Impostor syndrome is a nasty affliction that causes the sufferer to believe they’re somehow out of place: That they’ve ‘faked it’ and don’t deserve the successes they’ve had.
It robs the sufferer of any joy to be found in triumph, dumping them instead into the constant belief that they’re a fraud.
And few suffer more from its spiteful grip than those in creative fields – writers who can’t accept their acclaimed work is actually any good, artists who constantly compare their techniques to others, and designers who relentlessly criticize their own constructions.
All of them, telling themselves they don’t deserve what they’ve achieved, no matter how happy everyone else is with the finished product.
Sound familiar? Thought it might.
Yes, it’s demotivating, disappointing, draining, and dangerous. Make no mistake, living with it can be a nightmare.
But there’s one thing you need to know about impostor syndrome above all else, and that is:
It happens to everyone. You are not alone.
It doesn’t matter how you define success, if you’ve already achieved it or even if you’re nowhere close – impostor syndrome finds us all at some point or another.
Another thing you should know is that you’re lucky if you live your life without encountering it at some point.
Impostor syndrome is easy to identify. If you find yourself squirming at compliments instead of feeling a swell of pride, or responding argumentatively when someone else is talking about what you’ve achieved, you probably have impostor syndrome. If you meet someone terribly famous and they look uncomfortable and unwilling to talk about their work, and no other personal matter is weighing on their minds (although this is often impossible to tell), they could be struggling with impostor syndrome too.
It gets us all.
But on the bright side, no-one’s alone.
Talk to any successful person about it and they’ll likely confess to feeling like an impostor at some point – maybe even right now. Impostor syndrome’s one redeeming quality is that it levels the playing field. If Emma Watson, Bill Gates and George R. R. Martin feel like impostors – and each have confessed that they have at some point – then we’re in good company, aren’t we?!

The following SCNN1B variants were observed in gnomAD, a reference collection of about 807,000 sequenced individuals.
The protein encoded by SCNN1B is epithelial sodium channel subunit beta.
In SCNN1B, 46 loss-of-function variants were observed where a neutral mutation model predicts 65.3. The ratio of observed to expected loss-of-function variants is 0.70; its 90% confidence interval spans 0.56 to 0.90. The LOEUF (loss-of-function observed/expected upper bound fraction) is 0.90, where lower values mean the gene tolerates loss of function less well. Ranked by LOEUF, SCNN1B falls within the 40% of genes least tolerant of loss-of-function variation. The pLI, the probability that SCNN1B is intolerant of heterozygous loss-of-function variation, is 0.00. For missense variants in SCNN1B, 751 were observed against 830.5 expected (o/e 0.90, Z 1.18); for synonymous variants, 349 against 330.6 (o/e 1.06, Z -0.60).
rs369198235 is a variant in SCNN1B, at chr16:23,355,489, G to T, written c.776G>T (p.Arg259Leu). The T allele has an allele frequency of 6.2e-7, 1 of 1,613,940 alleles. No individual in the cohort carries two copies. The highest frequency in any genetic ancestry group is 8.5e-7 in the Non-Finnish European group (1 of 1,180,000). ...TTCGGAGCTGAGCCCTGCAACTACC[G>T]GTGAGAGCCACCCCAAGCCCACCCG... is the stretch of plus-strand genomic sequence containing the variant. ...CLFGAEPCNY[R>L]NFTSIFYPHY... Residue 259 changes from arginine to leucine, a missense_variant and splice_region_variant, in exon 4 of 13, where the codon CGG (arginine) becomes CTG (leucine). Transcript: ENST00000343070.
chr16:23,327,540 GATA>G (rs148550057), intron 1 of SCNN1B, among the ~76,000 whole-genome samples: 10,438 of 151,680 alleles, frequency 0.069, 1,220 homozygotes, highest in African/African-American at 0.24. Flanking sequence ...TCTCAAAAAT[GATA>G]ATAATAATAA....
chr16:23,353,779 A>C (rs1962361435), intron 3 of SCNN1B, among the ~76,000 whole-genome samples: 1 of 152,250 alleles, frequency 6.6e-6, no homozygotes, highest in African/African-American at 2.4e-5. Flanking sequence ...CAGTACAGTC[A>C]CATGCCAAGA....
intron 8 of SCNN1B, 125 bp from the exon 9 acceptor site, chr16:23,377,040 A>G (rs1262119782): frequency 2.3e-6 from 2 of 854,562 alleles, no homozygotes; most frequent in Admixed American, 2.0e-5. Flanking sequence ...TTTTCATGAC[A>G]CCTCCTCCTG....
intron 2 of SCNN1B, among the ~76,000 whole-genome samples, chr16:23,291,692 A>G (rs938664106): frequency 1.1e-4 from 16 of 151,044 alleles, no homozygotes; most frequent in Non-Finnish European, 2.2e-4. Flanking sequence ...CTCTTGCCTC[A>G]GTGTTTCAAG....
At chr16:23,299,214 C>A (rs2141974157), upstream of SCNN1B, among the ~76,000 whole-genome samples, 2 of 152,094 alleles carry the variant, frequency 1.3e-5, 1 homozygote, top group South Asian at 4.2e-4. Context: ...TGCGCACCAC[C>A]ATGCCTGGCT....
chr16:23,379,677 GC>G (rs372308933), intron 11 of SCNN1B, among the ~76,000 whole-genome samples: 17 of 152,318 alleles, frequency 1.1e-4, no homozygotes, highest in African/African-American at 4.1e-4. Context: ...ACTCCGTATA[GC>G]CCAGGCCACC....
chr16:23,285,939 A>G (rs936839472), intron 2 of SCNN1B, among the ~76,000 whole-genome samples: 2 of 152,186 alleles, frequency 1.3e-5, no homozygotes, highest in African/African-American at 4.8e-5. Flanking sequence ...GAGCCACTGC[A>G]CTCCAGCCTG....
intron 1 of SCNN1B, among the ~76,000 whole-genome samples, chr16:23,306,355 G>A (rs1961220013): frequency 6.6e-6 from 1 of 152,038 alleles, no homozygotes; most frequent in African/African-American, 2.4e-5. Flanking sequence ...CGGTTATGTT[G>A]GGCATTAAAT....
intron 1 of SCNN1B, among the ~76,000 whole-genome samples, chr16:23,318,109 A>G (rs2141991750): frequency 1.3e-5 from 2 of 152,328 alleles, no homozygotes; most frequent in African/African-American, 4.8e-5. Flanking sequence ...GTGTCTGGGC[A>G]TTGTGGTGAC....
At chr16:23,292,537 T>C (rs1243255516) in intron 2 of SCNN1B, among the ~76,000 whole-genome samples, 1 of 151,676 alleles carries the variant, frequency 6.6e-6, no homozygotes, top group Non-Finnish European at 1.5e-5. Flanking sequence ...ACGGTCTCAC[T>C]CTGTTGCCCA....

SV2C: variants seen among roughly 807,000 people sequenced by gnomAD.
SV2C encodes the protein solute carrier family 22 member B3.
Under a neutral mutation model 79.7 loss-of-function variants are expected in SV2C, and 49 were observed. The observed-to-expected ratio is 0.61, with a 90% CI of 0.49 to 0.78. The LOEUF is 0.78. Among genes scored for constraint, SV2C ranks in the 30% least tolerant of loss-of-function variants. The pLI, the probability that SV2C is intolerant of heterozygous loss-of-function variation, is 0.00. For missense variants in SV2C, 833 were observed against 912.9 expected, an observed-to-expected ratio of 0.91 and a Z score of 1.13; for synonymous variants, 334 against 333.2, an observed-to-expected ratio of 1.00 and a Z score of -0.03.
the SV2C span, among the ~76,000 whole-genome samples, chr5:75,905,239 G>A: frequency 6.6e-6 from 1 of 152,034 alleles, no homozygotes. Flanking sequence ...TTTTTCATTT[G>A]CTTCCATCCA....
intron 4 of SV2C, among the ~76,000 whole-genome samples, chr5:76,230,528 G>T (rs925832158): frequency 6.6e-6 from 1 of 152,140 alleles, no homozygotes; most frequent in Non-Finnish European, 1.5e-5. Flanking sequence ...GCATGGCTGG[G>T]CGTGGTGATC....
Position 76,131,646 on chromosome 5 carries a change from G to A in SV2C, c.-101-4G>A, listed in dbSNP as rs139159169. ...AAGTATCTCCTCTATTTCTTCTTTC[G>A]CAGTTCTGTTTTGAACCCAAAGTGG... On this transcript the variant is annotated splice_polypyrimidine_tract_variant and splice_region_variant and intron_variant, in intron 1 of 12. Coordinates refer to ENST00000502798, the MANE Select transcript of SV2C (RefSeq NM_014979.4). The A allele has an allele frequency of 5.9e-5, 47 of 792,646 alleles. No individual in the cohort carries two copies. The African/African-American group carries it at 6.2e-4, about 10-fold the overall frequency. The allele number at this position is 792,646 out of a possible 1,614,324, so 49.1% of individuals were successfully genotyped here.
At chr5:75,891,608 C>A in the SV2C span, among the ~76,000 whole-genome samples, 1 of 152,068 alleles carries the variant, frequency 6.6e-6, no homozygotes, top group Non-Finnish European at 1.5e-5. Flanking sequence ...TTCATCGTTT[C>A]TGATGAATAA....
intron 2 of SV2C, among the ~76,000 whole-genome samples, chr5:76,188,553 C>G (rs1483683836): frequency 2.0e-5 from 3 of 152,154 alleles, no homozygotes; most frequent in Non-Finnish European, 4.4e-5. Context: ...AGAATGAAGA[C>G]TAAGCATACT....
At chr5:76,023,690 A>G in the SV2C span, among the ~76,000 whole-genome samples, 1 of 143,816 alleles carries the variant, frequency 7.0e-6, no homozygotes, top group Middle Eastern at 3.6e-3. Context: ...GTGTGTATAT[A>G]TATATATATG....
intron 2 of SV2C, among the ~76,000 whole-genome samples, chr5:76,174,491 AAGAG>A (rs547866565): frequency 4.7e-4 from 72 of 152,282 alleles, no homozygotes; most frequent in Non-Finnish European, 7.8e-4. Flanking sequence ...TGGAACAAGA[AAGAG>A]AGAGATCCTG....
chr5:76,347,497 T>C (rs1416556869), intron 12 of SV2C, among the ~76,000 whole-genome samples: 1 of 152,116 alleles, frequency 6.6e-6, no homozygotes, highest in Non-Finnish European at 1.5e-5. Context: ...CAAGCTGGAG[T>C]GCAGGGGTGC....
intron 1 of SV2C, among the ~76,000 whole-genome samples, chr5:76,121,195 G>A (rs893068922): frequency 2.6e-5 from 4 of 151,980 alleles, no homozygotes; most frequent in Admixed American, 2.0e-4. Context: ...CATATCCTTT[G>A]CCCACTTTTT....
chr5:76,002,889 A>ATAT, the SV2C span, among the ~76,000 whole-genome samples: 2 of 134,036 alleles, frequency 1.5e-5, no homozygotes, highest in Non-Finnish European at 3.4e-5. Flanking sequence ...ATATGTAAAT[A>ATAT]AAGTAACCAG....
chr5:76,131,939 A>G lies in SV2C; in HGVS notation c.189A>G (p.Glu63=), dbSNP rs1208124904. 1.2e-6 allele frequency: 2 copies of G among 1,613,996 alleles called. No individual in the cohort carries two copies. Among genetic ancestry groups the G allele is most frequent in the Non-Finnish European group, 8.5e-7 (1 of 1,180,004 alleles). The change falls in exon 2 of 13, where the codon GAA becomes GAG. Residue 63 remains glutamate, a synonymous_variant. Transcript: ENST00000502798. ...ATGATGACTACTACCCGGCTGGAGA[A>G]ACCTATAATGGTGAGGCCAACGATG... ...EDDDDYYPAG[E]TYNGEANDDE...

If you’re dealing with impostor syndrome, it helps to remember that it hits high achievers more… so feeling like a fraud could actually be symptomatic of doing an excellent job. Instead of wearing it as a badge of honor, however, it’s much better to manage the symptoms so you don’t become a bore at parties or sabotage your own work. Don’t make impostor syndrome doubly deadly by trying to make it your friend.
An important part of any self-diagnosed impostor’s routine is self-care: Take time out to enjoy your successes and avoid burnout. Meditate if it helps and practice mindful gratitude with a focus on yourself. What attributes do you like about yourself, and are they natural gifts or hard-won personal achievements? Either way, they’re your gifts. Be proud of them. You do deserve them.
Like a nasty rash, impostor syndrome is tricky to beat, and nearly always comes back. That’s why it’s so important to diagnose it quickly, and have an arsenal of tools at your disposal to alleviate the symptoms, steer you away from procrastination and despondency, and get you back on track to enjoying your achievements.
Remember: As a writer, your work is work. You aren’t slacking off, your success is not just dumb luck, and the very fact that impostor syndrome is raising its ugly head is testament to the fact you’re putting a whole lot more of yourself into this than you would probably like to admit.
Acknowledge your talent. Own your achievements.
You’ve earned your place.
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